Dinner for Schmucks
I was reluctant to give this film such a high score because it follows formulas that have been used in old ‘80s sitcoms – you know, the episode of “Saved by the Bell” or “Mr. Belvedere” where the cool kids at school invite the dorky girls to the dance to make fun of them. But there’s that one cool kid that feels bad about it and actually falls for the dorky girl, and the episode ends with a kiss while the studio audience goes “Oooooh.” The cool kid in DINNER FOR SCHMUCKS is Paul Rudd, a sixth floor analyst at a financial firm trying to make it to the seventh floor. His boss invites him to share in what he and the other executives call Dinner for Winners, but as the title of the movie implies, it is anything but. What allows this movie to transcend its formula are subplots hilariously acted out by great comic talent, most of which get more laughs than the dinner itself. The problems come with the conclusion and the limited usage of Paul Rudd’s talents, but other than that you will get a pleasant dinner with some colorful characters and some great belly laughs.
Rudd’s Tim has ideas to move up the corporate ladder, but as an audition his boss, played slyly by Bruce Greenwood, he must find a loser to be judged in this dinner. At first he is convinced to forgo the dinner by his girlfriend, Julie (played sparingly by Stephanie Szostak), but then he runs into Barry (literally), played ridiculously clueless by Steve Carell, and he can’t pass up the chance. Barry’s schmuckiness exists on many levels, but he’s always trying to help his new friend in the days before the dinner, which lead to disastrous misunderstandings with Julie. Barry’s key schmucky talent, however, is taxidermy – and he recreates classic masterpieces with dead mice. There is a riotous side story with Tim and a psycho ex-girlfriend, played great by Lucy Punch, and good laughs at the expense of the Swiss, but the let down is the dinner itself. We get to meet the collection of circus freaks the execs bring, but they are quick laughs that are either not used enough or just sophomoric. That and the awkward way the tables get turned on the executives are the shortcomings, but the film as a whole has many great laughs, and that’s what we’re there for, right?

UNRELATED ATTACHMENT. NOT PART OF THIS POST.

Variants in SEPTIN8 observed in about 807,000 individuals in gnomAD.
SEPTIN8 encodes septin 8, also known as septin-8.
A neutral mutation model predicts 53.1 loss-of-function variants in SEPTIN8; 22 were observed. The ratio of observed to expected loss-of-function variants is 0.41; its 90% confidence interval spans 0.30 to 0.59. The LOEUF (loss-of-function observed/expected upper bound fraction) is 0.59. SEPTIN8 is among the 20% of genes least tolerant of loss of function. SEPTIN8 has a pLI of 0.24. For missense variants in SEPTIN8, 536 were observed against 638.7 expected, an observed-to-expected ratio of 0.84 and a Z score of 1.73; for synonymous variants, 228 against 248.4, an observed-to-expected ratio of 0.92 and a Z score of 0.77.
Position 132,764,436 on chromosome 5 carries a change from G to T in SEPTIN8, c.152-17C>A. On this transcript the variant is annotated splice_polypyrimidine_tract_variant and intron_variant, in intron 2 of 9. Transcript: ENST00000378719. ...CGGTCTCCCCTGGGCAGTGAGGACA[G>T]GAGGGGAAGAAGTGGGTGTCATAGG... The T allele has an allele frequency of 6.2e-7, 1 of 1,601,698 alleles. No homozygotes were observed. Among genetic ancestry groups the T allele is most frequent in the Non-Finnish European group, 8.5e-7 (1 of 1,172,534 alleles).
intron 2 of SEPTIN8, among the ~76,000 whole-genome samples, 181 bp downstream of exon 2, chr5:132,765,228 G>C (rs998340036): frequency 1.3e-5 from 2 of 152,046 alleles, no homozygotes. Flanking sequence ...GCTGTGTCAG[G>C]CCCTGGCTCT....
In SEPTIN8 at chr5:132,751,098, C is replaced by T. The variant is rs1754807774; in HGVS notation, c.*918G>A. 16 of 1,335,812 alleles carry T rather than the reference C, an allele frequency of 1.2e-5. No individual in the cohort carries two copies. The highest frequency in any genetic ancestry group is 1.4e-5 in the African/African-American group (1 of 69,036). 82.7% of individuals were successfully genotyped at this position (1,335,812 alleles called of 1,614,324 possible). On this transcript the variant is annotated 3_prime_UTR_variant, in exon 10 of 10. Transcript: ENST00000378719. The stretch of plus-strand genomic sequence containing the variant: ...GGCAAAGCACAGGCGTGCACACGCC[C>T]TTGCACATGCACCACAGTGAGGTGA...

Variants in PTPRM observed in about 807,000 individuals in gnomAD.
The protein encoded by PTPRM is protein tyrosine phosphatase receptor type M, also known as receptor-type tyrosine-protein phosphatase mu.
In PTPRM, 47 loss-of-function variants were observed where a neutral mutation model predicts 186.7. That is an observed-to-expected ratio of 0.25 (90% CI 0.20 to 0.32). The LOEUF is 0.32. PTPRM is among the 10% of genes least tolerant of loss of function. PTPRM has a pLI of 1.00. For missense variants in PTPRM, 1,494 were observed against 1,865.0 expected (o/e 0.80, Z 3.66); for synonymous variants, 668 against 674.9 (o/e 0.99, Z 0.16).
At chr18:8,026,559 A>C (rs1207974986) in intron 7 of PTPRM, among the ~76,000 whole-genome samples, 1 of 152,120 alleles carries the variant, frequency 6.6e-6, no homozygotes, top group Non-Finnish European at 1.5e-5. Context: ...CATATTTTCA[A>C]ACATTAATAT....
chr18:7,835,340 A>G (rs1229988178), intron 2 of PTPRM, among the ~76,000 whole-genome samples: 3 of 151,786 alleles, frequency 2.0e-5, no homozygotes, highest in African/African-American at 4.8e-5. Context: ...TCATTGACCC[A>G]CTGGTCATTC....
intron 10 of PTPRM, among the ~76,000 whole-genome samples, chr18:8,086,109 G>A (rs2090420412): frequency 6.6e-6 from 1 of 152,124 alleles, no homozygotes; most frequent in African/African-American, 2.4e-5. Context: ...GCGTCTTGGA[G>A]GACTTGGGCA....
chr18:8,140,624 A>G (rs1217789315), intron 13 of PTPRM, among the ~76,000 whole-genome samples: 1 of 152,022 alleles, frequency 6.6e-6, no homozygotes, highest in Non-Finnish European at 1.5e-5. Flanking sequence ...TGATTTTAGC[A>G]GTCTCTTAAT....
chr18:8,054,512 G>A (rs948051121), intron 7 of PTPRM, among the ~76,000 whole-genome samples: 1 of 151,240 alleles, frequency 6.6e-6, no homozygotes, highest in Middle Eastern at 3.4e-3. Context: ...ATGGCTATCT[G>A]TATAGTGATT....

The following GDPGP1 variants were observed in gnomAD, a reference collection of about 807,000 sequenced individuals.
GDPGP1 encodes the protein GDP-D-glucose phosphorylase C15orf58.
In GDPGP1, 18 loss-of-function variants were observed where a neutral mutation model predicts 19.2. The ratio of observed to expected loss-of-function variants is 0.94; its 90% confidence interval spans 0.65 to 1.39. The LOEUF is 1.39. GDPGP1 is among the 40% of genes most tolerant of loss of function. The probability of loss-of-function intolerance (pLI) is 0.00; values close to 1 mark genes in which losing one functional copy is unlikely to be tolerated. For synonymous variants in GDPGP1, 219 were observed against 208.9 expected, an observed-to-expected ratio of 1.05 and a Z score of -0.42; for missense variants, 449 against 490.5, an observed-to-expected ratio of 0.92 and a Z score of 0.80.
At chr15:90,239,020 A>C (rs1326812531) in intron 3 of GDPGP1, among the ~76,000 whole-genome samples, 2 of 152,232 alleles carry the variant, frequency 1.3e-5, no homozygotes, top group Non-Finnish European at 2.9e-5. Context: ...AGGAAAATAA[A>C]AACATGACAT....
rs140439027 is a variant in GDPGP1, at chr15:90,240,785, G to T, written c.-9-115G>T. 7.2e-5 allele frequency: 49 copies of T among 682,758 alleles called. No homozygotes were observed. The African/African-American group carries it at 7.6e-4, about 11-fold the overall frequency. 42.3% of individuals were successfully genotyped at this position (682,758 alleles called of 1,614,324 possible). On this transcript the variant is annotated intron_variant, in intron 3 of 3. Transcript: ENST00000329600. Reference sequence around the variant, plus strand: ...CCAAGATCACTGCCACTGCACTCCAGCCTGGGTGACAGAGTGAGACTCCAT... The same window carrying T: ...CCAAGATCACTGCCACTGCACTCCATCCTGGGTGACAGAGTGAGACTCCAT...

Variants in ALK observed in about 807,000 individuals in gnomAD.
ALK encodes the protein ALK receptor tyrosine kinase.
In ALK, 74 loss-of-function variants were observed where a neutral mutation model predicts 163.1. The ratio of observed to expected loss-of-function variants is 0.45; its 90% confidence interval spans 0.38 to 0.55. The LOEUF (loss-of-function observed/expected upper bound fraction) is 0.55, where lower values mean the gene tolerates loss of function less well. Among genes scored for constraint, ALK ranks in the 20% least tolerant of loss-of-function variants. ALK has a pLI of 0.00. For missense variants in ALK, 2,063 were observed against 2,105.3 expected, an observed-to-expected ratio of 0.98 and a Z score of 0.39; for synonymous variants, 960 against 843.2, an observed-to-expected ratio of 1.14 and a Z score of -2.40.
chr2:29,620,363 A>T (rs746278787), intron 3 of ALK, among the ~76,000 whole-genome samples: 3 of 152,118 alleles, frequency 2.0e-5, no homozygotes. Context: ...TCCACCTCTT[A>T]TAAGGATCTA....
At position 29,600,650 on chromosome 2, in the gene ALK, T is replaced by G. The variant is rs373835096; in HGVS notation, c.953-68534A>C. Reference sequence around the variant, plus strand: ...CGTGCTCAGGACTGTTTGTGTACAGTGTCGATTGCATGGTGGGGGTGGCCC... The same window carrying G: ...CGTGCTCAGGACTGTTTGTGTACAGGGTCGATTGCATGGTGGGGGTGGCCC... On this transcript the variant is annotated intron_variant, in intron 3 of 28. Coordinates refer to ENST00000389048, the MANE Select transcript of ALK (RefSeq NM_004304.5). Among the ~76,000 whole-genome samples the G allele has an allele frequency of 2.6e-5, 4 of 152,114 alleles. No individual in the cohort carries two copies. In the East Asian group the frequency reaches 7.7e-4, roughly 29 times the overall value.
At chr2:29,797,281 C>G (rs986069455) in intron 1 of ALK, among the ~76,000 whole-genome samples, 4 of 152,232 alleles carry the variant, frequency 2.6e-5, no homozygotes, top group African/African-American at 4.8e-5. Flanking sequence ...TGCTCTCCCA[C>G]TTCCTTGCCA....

Steve Carell does great things with Barry, making him an unbelievably clueless character that we believe in. He has a history that gets revealed through his mouse-terpieces, and when it is brought up his heartbreak is palpable…because we care about him. Other great laughs come from “Flight of the Conchords” Jemaine Clement is a great character as an artist working with Julie, and the scenes he gets, he owns – with hilarious dialogue and eccentricities. Another very funny character is played by Zach Galifinakis as a co-worker of Barry’s…with talents of his own. But Paul Rudd is not just a straight man, and posing him solely as such is a waste of talent. He played it straight in I LOVE YOU, MAN, but still was given comical lines to match Jason Segel. No such writing was given to him here, and that’s a shame. But the film still supplies copious amounts of comedy jokes that had many in the theater laughing out loud. This is a summer comedy worth a viewing.